5 things to know about the US law designed to fight Nazi propaganda that now has Rudy Giuliani sweating
- Rudy Giuliani’s growing legal peril is giving FARA new prominence.
- For decades, the law — originally designed to fight Nazi propaganda — was rarely enforced.
- But several recent developments have caused FARA enforcement to spike.
- See more stories on Insider’s business page.
Thank Rudy Giuliani and the FBI raid of his home and office Wednesday for vaulting the Foreign Agents Registration Act — an obscure, pre-World War II law that went little-enforced for decades — back into public prominence.
“FARA is definitely having its moment in the spotlight now,” said Robert Kelner, chairman of law firm Covington & Burling LLP’s election and political law practice.
So what, exactly, is FARA?
Here are five key things to know:
FARA was designed to fight Nazi propaganda
President Franklin Roosevelt signed FARA into law in 1938 to “combat the spread of hidden foreign influence through propaganda in American politics.”
Federal officials were particularly aghast at Nazi efforts to propagandize Americans in the years immediately before the United States’ entry into World War II.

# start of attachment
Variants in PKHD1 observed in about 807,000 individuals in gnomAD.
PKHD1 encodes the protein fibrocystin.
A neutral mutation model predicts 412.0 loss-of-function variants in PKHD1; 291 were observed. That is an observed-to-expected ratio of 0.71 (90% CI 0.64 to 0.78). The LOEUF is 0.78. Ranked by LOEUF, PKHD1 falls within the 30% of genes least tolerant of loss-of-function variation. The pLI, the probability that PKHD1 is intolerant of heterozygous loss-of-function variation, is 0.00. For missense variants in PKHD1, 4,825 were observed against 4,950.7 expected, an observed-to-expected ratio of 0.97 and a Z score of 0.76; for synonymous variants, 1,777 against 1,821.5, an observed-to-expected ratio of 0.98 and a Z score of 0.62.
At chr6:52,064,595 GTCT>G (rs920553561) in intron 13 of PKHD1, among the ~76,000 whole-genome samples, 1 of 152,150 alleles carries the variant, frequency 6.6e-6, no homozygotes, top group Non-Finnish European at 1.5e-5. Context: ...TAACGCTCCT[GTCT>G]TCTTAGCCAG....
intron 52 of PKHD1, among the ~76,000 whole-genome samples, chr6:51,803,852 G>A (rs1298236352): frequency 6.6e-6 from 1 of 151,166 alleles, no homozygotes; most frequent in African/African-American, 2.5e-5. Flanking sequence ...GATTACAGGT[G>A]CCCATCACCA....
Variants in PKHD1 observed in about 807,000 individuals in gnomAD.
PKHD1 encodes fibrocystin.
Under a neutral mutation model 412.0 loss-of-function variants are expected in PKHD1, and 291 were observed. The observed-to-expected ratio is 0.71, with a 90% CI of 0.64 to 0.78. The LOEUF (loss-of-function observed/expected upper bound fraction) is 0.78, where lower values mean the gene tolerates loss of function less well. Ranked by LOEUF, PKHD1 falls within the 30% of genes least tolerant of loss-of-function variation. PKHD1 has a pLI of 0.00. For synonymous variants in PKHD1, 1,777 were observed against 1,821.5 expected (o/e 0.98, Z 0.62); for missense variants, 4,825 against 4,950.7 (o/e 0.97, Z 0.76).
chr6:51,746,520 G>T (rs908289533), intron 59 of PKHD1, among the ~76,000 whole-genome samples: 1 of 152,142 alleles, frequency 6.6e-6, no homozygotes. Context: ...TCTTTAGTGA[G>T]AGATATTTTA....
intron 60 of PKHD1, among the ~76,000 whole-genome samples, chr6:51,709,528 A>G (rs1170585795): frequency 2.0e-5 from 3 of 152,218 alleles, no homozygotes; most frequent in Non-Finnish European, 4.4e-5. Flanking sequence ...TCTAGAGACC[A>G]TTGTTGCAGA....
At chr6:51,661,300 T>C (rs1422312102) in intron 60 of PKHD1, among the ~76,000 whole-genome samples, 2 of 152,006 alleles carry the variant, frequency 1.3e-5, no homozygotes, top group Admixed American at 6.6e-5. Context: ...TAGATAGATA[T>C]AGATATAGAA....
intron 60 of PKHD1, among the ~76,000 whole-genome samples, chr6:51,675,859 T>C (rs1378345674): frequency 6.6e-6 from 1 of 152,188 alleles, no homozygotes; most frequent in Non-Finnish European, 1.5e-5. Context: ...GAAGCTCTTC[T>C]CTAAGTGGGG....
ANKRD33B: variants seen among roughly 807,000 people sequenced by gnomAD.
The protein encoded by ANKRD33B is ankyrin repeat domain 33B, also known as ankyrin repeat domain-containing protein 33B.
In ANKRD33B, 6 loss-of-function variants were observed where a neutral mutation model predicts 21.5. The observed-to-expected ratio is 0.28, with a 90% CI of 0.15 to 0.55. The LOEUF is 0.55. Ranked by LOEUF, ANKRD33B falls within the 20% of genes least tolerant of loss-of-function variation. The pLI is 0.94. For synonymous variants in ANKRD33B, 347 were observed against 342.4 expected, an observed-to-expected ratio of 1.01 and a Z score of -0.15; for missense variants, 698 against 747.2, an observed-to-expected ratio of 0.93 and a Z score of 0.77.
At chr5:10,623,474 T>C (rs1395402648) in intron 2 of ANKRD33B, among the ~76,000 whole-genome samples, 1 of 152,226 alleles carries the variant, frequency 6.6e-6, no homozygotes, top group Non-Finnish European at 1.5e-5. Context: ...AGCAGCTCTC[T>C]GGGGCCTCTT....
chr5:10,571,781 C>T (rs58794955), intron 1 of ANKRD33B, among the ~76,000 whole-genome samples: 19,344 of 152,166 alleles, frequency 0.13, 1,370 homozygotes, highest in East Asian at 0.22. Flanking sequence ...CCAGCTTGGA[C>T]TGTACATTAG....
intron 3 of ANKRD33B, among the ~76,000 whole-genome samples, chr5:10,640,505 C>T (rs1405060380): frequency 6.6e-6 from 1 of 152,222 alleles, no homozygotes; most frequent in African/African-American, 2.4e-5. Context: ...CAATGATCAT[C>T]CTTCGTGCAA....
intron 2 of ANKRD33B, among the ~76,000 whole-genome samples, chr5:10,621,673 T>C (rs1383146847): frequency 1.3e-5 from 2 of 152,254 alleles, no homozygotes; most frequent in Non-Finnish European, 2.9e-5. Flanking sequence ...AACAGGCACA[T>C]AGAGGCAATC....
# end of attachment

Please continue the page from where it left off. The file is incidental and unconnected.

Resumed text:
FARA’s passage provided legal muscle against a danger that even President George Washington foreshadowed in his farewell address.
“Against the insidious wiles of foreign influence (I conjure you to believe me, fellow citizens) the jealousy of a free people ought to be constantly awake, since history and experience prove that foreign influence is one of the most baneful foes of republican government,” Washington wrote in 1796 when the nation remained in its infancy.
This isn’t your grandfather’s FARA
Lawmakers have significantly revised FARA over the years, gearing it away from propaganda and toward exposing and defending against foreign meddling in US politics, including foreign advocacy and lobbying.